The Silver Lining to a Lonely Seder

Jessie Fischbein

The Rambam in the Laws of Chometz and Matza (chapter 7) discusses how to tell the story on the night of the Seder:

ד  [ג] וצריך לעשות שינוי בלילה הזה–כדי שיראו הבנים וישאלו ויאמרו, מה נשתנה הלילה הזה מכל הלילות, עד שישיב להם ויאמר להם, כך וכך אירע וכך וכך היה.

ה  וכיצד משנה–מחלק להם קליות ואגוזים, ועוקרים השולחן מלפניהם קודם שיאכלו, וחוטפין מצה זה מיד זה, וכיוצא בדברים האלו.  אין לו בן, אשתו שואלתו; אין לו אישה–שואלין זה את זה מה נשתנה הלילה הזה, ואפילו היו כולן חכמים.  היה לבדו, שואל לעצמו מה נשתנה הלילה הזה.

We are supposed to tell our children the story.  We do strange things to evoke questions.  We want the children to ask, “Why are things so different tonight?” and then we can explain: “On this night, such and such happened.” It’s pedagogy at its finest–get someone to ask a question before you give over information.

The Rambam knows that not every Seder has this situation, and on this year it is particularly relevant: “If there is no child, his wife asks him.  If he has no wife, they ask each other (even if they are all wise and already know the answer).”  And then, particularly poignant: “If he is alone, he asks himself: ‘What is different about this night?'”

So many times we are torn in so many different directions during our Seder.  There are so many needs, so many things happening, so much to juggle.  Conflict–should we slow down and discuss, or do we need to hurry up because some people are getting bored?  Are we going too fast and some people are left dissatisfied?  Are people getting too tired?  Are we losing people’s attention?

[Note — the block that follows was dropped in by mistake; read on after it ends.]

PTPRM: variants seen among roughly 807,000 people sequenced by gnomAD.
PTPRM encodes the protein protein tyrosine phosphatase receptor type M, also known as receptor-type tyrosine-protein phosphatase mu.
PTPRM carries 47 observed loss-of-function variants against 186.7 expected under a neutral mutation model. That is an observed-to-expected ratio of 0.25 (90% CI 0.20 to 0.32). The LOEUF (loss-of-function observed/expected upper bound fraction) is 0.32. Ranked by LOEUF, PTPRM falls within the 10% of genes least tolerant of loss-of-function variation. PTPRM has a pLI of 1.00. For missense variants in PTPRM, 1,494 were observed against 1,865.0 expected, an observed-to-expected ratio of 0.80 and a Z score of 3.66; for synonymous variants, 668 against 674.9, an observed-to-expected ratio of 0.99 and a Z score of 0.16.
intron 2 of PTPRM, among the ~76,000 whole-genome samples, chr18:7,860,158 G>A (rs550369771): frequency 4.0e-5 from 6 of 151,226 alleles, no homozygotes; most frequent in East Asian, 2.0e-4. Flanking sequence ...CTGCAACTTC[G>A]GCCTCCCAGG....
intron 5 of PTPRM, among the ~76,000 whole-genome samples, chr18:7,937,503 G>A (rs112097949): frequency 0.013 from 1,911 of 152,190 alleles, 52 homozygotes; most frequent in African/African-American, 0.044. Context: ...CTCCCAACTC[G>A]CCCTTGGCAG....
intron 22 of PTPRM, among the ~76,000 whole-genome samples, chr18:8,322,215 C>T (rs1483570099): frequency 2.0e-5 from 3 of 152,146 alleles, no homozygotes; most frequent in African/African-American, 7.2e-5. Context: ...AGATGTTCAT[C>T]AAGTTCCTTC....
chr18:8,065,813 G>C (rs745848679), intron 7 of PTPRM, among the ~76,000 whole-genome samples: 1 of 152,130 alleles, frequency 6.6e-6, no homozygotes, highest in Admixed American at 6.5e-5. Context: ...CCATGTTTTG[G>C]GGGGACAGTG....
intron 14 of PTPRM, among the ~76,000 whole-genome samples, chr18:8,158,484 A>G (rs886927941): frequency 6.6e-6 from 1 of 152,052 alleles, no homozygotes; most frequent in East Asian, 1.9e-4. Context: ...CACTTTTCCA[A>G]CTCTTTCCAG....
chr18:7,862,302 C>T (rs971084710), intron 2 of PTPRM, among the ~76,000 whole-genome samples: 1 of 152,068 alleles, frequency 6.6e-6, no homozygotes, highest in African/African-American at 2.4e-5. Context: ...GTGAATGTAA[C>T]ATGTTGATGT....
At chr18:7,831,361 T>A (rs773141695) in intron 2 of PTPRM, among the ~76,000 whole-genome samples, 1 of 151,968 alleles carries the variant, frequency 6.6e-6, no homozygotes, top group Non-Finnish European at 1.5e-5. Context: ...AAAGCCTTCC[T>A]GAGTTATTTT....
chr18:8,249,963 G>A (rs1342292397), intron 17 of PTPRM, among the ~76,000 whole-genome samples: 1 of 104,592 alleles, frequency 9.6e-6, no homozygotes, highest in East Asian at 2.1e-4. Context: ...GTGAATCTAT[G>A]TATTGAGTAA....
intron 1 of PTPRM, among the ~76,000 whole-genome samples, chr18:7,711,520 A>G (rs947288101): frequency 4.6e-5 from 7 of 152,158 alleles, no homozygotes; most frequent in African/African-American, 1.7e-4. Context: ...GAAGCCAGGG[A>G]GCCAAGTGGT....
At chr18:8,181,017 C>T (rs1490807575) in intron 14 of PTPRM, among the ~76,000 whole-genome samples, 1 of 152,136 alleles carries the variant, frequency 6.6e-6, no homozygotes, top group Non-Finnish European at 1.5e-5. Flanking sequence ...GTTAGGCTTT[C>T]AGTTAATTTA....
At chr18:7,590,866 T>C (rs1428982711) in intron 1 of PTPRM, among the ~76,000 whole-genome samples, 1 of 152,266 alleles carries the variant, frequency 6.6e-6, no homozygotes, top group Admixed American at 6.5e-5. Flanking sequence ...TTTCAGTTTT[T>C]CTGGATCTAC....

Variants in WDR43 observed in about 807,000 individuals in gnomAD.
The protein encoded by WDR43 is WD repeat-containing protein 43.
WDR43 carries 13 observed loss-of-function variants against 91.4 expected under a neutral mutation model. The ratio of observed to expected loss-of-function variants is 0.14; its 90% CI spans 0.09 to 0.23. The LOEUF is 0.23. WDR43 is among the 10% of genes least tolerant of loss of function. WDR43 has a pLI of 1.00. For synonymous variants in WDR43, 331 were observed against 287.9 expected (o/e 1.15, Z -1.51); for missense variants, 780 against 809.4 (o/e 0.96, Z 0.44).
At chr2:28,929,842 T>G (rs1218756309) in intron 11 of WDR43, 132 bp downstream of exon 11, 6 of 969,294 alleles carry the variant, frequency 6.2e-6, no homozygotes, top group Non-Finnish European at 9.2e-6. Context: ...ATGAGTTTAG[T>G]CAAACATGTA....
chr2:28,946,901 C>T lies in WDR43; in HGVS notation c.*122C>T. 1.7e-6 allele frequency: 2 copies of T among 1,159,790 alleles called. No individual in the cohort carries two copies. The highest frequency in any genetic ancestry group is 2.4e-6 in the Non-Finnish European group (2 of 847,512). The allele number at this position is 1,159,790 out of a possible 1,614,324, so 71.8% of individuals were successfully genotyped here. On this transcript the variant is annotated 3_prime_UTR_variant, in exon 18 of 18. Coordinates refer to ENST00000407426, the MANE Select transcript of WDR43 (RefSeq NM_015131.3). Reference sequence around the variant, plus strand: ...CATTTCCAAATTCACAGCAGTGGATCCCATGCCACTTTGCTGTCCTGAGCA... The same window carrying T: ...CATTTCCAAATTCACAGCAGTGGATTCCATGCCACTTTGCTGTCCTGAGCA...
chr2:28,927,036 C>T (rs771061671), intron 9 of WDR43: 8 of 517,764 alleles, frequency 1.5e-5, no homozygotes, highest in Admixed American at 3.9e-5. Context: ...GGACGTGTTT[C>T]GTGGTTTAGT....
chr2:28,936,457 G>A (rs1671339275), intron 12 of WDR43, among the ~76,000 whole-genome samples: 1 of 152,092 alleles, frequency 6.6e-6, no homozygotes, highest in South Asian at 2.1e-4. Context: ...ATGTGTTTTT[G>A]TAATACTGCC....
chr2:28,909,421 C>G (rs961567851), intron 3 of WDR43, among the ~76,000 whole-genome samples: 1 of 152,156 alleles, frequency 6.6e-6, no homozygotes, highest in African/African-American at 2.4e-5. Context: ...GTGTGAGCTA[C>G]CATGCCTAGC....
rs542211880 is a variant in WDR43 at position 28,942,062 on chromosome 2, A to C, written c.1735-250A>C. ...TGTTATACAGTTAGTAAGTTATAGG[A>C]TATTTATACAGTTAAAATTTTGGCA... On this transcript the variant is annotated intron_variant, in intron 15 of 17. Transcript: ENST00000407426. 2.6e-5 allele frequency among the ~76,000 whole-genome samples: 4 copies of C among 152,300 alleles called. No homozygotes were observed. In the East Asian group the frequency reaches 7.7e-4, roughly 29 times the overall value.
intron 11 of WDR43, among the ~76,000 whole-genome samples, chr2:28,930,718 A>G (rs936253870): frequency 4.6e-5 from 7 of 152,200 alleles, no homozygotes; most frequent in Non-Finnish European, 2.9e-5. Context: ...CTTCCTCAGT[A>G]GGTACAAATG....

This year may be the year when you can actually have a totally selfish Seder.  Where you get to go at exactly your own pace.  To linger on the things you want to linger on.  To have a conversation with yourself, according to your needs, your wants.  To have a chance to explain the miracles of the Exodus from Egypt and the birth of our Nation at your leisure.

It’s an odd halacha that if we are alone, we are supposed to ask ourselves the questions.  But even alone, we are supposed to have a dialogue with our self, to make it come alive to our self.  To be both the teacher and the pupil.  To say it out loud.  Even if you are alone, you are important.  You are one of the people of klal yisroel, and your experience of orally passing down the tale of the miracles of this night, as both one who gives and one who receives, is important to Hashem and to the Jewish People.

אין בית מדרש בלי חידוש.

There is no experience of learning Torah that does not lead to new insight. Even if you are by yourself, speaking to yourself, you will be surprised at what you gain.

Jessie Fischbein is the author of the book Infertility in the Bible.  She teaches Limudei Kodesh at MSH and speaks regularly at the White Shul and Vacation Village.

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